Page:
And so it begins. The first day of a two year course (Diploma in person-centred counselling) that is going to thrust me out into a whole new world. I am surprisingly more nervous than I think I am.
Going to the library mid-morning and complaining about my library fine actually stirs up more nerves, along with anger and righteous indignation. It would be easier to pay the fine, especially as I notice that this year we all have to read and sign a piece of paper that clearly states that the library shuts for a fortnight in August. So indirectly they have paid attention. To explain this, I took out books on my interview day back in June, assuming that I could renew them twice which would see me through to September. When I told the library that I was unable to renew them the second time they explained that I should have known to bring them in as the library fully closed for a stock take. I didn’t know this and therefore refused to pay the fine of £7 odd. I had to make a special trip into town to return the books and it really really angered me that there was no notification and that the previous renewal email didn’t say you can’t renew but must return. None of this amounts to anything but it does wind me up, very directly and very emotionally.
We are fifteen this year. One is away on holiday so fourteen were present. Two know nobody, with one coming from elsewhere and the other returning to studying after a period of absence. Most of us therefore still huddle in our little groups from previous courses.
And yet it feels so different from this time last year. There is an implied greater trust that we’ve all done the Certificate so the ones who remain are deadly serious about progressing. This is not a course you can be half-hearted about.
It was a boring day to be fair. We went through the handbook and the paperwork and all that stuff. We all admitted with varying levels, to trepidation, anxiety and fear about the day and ended up feeling relieved. The first great sense of relief was that our tutor is experienced at teaching this course and rattled through the boring stuff with a clear sense of competence. C had her for her Intro course and was very enthusiastic. Our tutor demonstrated her ability to get us through the course and deal with the administrative and paperwork side of it that last year’s was weak in, with it being her first year of teaching. So there was a huge sense of relaxation that the unknown tutor had become the known positive.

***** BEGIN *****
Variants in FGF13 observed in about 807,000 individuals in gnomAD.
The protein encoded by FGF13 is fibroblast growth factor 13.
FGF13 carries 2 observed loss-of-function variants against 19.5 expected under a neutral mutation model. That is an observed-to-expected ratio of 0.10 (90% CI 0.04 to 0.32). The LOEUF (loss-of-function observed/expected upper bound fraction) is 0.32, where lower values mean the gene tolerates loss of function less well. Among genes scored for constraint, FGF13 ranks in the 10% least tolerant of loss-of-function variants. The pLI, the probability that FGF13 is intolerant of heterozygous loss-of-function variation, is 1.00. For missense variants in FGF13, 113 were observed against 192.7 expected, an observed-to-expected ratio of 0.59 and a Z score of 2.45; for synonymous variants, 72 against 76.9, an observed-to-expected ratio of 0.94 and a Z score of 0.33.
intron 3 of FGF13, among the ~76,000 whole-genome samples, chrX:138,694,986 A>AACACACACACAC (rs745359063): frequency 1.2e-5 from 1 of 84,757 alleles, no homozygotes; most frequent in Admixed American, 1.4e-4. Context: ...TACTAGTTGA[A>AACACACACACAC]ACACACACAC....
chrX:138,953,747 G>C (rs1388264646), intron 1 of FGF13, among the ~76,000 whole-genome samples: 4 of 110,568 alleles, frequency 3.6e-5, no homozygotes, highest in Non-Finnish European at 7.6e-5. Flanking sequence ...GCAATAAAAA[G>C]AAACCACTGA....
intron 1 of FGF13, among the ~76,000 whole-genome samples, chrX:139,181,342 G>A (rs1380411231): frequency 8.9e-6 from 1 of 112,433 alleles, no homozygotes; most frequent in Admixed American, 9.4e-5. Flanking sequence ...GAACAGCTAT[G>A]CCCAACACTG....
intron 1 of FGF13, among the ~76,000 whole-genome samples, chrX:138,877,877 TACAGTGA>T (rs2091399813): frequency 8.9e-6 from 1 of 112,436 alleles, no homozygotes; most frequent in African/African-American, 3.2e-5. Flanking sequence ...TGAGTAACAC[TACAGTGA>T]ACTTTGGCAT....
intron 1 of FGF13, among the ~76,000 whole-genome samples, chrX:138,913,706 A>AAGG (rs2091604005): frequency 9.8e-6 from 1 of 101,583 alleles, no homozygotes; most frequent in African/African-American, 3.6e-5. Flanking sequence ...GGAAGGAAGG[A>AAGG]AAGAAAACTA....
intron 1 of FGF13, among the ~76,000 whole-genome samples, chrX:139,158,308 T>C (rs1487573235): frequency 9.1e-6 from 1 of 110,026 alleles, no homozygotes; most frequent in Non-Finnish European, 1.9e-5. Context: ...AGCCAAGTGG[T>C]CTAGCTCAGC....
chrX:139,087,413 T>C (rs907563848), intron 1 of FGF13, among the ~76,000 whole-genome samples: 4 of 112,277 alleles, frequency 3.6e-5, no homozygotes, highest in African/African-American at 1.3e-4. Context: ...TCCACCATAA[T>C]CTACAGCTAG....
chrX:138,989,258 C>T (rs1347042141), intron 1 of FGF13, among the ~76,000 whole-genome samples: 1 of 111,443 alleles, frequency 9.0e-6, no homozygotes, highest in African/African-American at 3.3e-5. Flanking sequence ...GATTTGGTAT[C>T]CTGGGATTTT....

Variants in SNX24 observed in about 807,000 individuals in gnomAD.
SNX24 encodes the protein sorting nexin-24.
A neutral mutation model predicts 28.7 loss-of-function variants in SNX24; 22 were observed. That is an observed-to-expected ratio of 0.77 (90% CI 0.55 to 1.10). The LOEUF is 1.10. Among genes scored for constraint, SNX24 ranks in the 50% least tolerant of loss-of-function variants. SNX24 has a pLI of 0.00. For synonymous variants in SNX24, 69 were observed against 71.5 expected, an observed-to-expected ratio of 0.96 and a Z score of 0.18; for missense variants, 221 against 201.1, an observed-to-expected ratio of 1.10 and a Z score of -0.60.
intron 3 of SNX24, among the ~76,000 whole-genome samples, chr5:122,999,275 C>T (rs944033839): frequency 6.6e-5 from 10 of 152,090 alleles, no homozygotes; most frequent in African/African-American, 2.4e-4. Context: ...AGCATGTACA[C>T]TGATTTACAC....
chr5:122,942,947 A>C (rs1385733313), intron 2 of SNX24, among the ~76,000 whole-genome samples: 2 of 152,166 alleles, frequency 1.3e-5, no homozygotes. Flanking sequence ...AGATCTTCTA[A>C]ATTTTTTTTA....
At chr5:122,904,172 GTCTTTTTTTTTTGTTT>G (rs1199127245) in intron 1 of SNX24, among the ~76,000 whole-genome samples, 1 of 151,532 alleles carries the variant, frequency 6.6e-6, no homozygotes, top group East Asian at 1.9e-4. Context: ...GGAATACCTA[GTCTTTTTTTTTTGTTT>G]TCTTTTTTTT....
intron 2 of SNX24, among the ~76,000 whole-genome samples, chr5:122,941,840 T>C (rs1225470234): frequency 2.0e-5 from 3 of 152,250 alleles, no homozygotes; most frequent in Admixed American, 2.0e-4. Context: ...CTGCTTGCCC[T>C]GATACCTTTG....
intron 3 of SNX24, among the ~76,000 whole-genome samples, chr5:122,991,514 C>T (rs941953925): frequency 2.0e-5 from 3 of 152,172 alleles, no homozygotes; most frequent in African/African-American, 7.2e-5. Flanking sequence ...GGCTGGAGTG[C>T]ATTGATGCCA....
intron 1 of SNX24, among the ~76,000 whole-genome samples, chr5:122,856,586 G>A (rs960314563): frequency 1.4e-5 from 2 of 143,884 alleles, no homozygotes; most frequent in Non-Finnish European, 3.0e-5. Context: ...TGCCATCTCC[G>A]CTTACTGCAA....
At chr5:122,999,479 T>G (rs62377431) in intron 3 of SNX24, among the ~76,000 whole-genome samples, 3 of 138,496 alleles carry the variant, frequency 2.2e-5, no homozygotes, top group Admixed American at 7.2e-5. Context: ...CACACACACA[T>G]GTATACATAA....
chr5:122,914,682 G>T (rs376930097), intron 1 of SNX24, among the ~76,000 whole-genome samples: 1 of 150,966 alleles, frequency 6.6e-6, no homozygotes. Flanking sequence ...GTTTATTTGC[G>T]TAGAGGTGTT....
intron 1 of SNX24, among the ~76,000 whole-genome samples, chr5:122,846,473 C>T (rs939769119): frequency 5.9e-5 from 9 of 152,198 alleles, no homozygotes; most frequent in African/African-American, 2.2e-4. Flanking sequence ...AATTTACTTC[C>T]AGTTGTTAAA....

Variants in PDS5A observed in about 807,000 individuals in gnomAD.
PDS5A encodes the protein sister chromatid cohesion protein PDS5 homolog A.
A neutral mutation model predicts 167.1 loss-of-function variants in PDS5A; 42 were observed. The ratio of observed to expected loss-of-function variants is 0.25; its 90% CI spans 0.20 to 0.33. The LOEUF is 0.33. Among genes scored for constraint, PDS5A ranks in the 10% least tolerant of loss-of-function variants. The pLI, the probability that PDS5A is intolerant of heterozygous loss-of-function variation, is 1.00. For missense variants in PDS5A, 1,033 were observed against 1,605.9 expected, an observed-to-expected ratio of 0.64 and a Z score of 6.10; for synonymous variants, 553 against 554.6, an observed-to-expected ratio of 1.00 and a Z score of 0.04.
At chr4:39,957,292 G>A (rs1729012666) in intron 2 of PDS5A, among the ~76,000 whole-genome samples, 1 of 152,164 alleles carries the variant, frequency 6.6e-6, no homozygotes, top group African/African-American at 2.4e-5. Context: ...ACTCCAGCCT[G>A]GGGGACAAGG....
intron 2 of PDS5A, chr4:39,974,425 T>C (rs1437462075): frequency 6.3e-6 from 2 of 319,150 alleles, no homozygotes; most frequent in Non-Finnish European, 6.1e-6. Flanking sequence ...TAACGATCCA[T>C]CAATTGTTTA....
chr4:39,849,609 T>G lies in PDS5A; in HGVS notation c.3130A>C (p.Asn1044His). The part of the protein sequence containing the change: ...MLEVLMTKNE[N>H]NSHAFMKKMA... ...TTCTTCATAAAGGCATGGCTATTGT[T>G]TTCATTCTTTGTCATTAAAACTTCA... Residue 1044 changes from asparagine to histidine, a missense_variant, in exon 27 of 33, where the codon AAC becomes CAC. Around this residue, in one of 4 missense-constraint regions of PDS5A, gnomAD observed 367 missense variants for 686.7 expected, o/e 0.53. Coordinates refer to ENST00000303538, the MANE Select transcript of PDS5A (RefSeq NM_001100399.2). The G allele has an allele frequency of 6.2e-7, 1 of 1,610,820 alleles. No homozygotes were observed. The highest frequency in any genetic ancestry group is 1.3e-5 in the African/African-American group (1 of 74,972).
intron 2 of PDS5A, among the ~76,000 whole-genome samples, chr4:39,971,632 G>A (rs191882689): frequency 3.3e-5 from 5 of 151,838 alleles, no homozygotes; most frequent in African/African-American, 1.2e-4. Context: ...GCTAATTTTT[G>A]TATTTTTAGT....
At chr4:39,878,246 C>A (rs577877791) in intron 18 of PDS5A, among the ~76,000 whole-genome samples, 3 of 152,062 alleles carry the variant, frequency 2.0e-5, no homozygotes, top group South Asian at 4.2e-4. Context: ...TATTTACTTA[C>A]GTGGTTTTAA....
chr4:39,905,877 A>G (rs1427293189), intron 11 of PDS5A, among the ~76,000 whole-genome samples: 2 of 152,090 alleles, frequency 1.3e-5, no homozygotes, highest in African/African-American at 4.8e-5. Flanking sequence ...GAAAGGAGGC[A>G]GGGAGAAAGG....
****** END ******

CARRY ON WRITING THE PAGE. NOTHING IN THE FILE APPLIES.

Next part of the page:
The second sense of relief was in meeting our peers, most of whom we’d met in the group interview, and realising that no one had two heads. We are all white (which means nothing necessarily) and had a greater gender balance with 5 men to 10 women. Already some are quieter and some less so but that is to be expected. One person slightly niggled.
When it came to our PD group (personal development), we learned that we would be split into two and wondered how this would happen. In a manner reminiscent of secondary school we all stood up and divided ourselves into two halves. I consciously did not stay with my two peers from last year but stayed with the lesser known and possibly more uncomfortable but more challenging half. Looking at the two facilitators to make a snap judgement about who I wanted was a terrible thing to do. I chose the younger black woman with the really colourful scarf as opposed to the older white woman, with grey hair and bright blue fringe. I suppose on some level I don’t want anyone who reminds me of my mother and went for the more different than me person. What the reality is will only be discovered in time. We had a chat, all seemed well and we were let out an hour early which was unexpected.
That was it then. I did think about the parallels with 4son starting at sixth form who had some team bonding days as well as the more boring induction. We both have organised files, dividers, pens and bags and we are both working towards exams that have or may have the power to change our lives.